Wild Mushroom Ragout with Bittersweet Chocolate

We use mostly cultivated mushrooms and we give them a boost of wild flavor in a couple of ways. The first is to make an intense, flavorful broth with a handful of dried porcini. The other is to actually buy some wild mushrooms. A scant half-pound of chanterelles, even if pricey, won’t break the bank. (It’s optional but so worth it) This robust savory dish tastes big and rich enough that you might believe it contains meat or game, although it has none. This sauce is dark and velvety with a depth the suggests hours long, slow simmering when in fact, it is fairly quick to make. Spooned over pasta or nestled up to a soft mound of polenta, it evokes the comfort of home and the primal in each bite. We served ours on Crispy Polenta which is creamy polenta that’s set in the refrigerator and then sauté to crisp it. Use good quality chocolate such as Lindt or Valrhona.

Serves 2 or 4 smaller main portions


  • 1 pound mixed wild and cultivated mushrooms, such as portobellos, chanterelles, shiitake, and cremini mushrooms (choose the ones you enjoy there’s no right or wrong)
  • 1 ounce dried porcini mushrooms
  • ½ cup boiling water
  • About 3-4 tablespoons olive oil
  • 2 garlic cloves, finely minced
  • 1 teaspoon of thyme, chopped
  • ⅔ cup dry red wine
  • A scant ⅛ teaspoon each of ground nutmeg, ground cardamom and white pepper
  • A pinch or two of ground cloves
  • 1 tablespoon finely chopped bittersweet chocolate (70% to 72%)
  1. Soak porcini in ½ cups boiling water until softened, at least 20 minutes.
  2. Keeping the different mushrooms separate, clean with a damp paper towel and a pastry brush, then slice ¼ inch thick; discard the stems if they seem tough.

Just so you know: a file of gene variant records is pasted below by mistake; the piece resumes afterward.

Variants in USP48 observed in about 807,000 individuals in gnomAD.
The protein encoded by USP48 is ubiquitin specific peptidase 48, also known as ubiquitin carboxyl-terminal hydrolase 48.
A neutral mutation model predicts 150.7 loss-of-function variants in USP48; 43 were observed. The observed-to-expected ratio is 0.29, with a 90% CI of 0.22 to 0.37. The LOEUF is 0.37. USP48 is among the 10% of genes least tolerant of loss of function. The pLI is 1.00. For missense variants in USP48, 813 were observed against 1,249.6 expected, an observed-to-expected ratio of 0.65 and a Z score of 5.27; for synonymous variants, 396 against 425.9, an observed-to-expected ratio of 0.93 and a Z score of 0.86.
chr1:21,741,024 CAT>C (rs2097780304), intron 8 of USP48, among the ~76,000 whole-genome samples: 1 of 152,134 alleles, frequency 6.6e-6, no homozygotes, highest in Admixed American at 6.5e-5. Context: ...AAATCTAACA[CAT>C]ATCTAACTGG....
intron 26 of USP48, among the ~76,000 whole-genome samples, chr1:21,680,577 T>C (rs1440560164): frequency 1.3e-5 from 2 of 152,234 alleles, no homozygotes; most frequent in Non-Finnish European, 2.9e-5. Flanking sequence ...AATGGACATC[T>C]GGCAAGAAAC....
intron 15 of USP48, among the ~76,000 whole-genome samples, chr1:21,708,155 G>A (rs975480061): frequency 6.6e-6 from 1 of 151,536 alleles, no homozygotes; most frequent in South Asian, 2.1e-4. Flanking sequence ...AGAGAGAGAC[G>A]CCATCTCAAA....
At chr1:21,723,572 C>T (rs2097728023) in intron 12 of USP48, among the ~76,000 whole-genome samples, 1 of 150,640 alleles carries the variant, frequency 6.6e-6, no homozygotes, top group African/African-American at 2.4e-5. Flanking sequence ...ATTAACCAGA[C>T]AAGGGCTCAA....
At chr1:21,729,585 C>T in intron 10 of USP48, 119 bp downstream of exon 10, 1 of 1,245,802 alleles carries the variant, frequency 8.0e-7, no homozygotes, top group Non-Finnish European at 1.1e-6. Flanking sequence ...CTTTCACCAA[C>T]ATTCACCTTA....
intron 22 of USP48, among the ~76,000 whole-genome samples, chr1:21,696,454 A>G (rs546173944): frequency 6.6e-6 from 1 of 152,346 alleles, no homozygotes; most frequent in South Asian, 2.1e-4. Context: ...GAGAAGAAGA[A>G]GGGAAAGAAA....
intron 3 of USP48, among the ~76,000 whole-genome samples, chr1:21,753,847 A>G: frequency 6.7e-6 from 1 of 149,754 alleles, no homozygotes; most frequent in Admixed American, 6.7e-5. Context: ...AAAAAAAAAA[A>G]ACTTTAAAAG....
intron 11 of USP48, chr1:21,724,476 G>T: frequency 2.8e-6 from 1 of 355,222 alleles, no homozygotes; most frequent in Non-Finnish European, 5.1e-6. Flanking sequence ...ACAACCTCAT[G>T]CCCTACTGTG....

3. Heat a large skillet over medium-high heat and add about a 2 teaspoons of olive oil more if needed. Add one type of mushroom and sauté, stirring frequently until browned, 2 to 3 minutes. Scrape them into a bowl and set aside. Repeat with each mushroom type, scraping them into the same bowl. If you are not using a nonstick pan, between batches you may dissolve the browned bits from the pan with a little reserved mushroom broth, then scrape the juices into the bowl.
  4. Remove the pan from the heat to cool slightly, then set over medium-low heat. Add 2 tablespoons of olive oil and the garlic; sauté until soft but not browned. Return the mushrooms with the thyme and any accumulated juices to the pan, add the wine, spices and salt. Simmer for 2 – 3 minutes to evaporate the alcohol in the wine.
  5. Add ¼ cup of reserved porcini liquid, cover and simmer for 6 to 10 minutes to cook the mushrooms and release their juices into the sauce. Uncover and cook until the sauce is reduced and slightly syrupy. Stir in the chocolate until it melts and smoothes the sauce. Taste and correct the seasonings, if necessary. Serve over fried or soft polenta or egg noodles.

3 Comments Add yours

  1. The chocolate is certainly a unique ingredient here!


    1. It actually highlights the earthiness of the mushrooms and used similarly to a mole.

      Liked by 1 person

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